Jessica Chace:

A 2012-13 Gamow Fellow, Jessica Chace (CCAS 2013) is currently working on a project entitled “The Humor Defense: Laughter as Therapy in Ken Kesey’s One Flew Over the Cuckoo’s Nest.”  Under the guidance of Kim Moreland, Professor of English, Jessica is examining the defense mechanisms, psychosexual development, and humor in Kesey’s bestselling novel.  One of the characters in the novel, Randall McMurphy, uses humor in such a way in order to help his fellow patients combat the castration anxiety and anal retentiveness propagated by authority figures in the mental hospital. To carry out my project, Jessica plan to explore various theories of humor as well as the role of mental institutions in the 1950s and 60s in addition to reading several critical and biographical works about Kesey.  In order to undertake this research, Jessica travelled to the University of Oregon, whose library holds the Kesey papers.

Read more about Jessica's research.

 

Kristina Cole:

  • Title: "Getting a Leg Up through Entrepreneurship and Innovation: Will Art Survive in a Capitalist Economy?"
  • Faculty Mentor: Maida Withers, Department of Theater and Dance
  • 2012-13 Luther Rice Undergraduate Research Fellow

By interviewing independent artists as well as working with, Movement Research, a small non-profit dance organization in New York City during the summer of 2012, Kristi Cole (CCAS 2013) is studying and comparing the similarities and differences between their specific management methods in order to understand how artists can adapt, innovate, and thrive within the current economy.  A 2012-13 Luther Rice Fellow, Kristi is supported in this research by Maida Withers, Professor of Dance.  Kristi hopes that her research will not only aid her own career as a performing artist, but will also serve to promote America’s role as the world leader in contemporary dance and to keep the finest most creative dance alive in America.

Read more about Kristi's research.

 

Yvonne Durbin:

  • Title: "The Role of Women in the East German Peaceful Revolution"
  • Faculty Mentor: Mary Beth Stein, Department of Romance, German, and Slavic Languages and Literature
  • 2012-13 George Gamow Undergraduate Research Fellow

As a 2012-13 George Gamow fellow, Yvonne Durbin (ESIA 2013) travelled to Berlin, Germany to research the role of women in the East German peaceful revolution. In the former German Democratic Republic (GDR) the feminist movement, and its members, lacked the same political freedom and liberal public sphere that its sister movement had in West Germany. Since the fall of the wall in 1989 there has been little research into the specific contributions of East German feminists and groups such as “Frauen für den Frieden” (Women for Peace) to the political change in 1989-1990. Under the guidance of Mary Beth Stein, Professor of German and International Affairs, is interviewing women from two peace activist organizations and compiling an oral history of the East German feminist movement and its role in the peaceful revolution.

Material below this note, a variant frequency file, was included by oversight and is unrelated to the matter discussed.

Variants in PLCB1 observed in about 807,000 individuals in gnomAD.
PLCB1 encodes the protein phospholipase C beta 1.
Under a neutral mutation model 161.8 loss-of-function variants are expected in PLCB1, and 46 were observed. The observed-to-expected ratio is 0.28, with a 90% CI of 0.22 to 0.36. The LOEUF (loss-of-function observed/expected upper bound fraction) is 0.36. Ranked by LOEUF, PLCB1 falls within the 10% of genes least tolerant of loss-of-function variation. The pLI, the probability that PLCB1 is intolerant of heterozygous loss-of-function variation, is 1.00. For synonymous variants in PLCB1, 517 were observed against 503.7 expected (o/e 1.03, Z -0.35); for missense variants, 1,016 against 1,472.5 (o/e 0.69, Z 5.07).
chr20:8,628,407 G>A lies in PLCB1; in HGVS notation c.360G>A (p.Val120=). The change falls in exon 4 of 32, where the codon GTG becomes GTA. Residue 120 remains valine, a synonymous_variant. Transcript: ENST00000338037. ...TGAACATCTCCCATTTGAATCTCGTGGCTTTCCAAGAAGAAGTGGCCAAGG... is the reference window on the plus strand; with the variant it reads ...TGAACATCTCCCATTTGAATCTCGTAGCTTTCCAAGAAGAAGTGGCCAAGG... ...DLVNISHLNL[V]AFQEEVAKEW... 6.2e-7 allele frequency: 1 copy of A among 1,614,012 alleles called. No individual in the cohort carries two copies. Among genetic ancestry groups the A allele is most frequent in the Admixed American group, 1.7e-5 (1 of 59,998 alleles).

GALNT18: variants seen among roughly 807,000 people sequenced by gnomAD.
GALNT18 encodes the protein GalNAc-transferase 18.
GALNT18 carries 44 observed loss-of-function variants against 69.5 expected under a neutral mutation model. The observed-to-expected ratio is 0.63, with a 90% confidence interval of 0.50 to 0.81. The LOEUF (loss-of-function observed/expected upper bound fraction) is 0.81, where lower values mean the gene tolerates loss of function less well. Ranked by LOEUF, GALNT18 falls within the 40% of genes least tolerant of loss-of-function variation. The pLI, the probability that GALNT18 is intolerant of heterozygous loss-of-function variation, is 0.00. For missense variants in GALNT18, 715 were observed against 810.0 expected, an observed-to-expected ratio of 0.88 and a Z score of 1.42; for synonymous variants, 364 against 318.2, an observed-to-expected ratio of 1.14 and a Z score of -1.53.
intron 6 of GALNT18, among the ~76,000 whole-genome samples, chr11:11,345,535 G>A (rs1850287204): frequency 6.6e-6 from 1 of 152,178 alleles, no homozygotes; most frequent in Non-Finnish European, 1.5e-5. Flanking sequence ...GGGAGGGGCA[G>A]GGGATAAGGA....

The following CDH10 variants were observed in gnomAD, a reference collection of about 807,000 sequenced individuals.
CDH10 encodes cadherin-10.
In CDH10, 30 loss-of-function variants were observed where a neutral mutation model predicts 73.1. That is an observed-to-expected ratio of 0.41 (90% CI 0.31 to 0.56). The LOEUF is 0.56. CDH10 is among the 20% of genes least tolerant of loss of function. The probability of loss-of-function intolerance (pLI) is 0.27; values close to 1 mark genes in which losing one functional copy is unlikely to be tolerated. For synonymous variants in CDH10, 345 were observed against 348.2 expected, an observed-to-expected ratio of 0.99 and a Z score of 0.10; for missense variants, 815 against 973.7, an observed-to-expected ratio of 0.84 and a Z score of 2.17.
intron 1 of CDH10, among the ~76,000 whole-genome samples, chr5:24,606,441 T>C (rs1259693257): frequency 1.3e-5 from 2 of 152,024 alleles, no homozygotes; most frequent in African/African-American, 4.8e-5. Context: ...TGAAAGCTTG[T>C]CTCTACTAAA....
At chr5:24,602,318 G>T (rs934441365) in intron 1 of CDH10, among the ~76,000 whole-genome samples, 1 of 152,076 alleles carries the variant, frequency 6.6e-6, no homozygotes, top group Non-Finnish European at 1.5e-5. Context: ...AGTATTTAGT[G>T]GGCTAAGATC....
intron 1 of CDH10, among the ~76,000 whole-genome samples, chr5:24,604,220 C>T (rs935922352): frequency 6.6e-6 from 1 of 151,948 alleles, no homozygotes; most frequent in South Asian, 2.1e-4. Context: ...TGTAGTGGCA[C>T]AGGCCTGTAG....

Aurora Echavarria:

Aurora Echavarria, a junior studying international affairs and geography and recipient of a 2012-13 Luther Rice Fellowship, is collaborating with Lisa Benton-Short, Associate Professor of Geography on a study of the physical environment of East Jerusalem. Aurora is analyzing the manner in which the Israeli Palestinian conflict has affected the built environment of East Jerusalem and, furthermore, the role these physical manifestations have had in exacerbating tensions between the Palestinian and Jewish populations in the city. Along with living in East Jerusalem and collaborating with an urban planning organization, Aurora is analyzing housing policies, road networks, and public spaces to carry out this research. She will also utilize mapping techniques in order to create a tangible portrayal of the two cities that exist simultaneously in one Jerusalem. 

 

Michelle Kuhn:

Prof. Gee's Research Group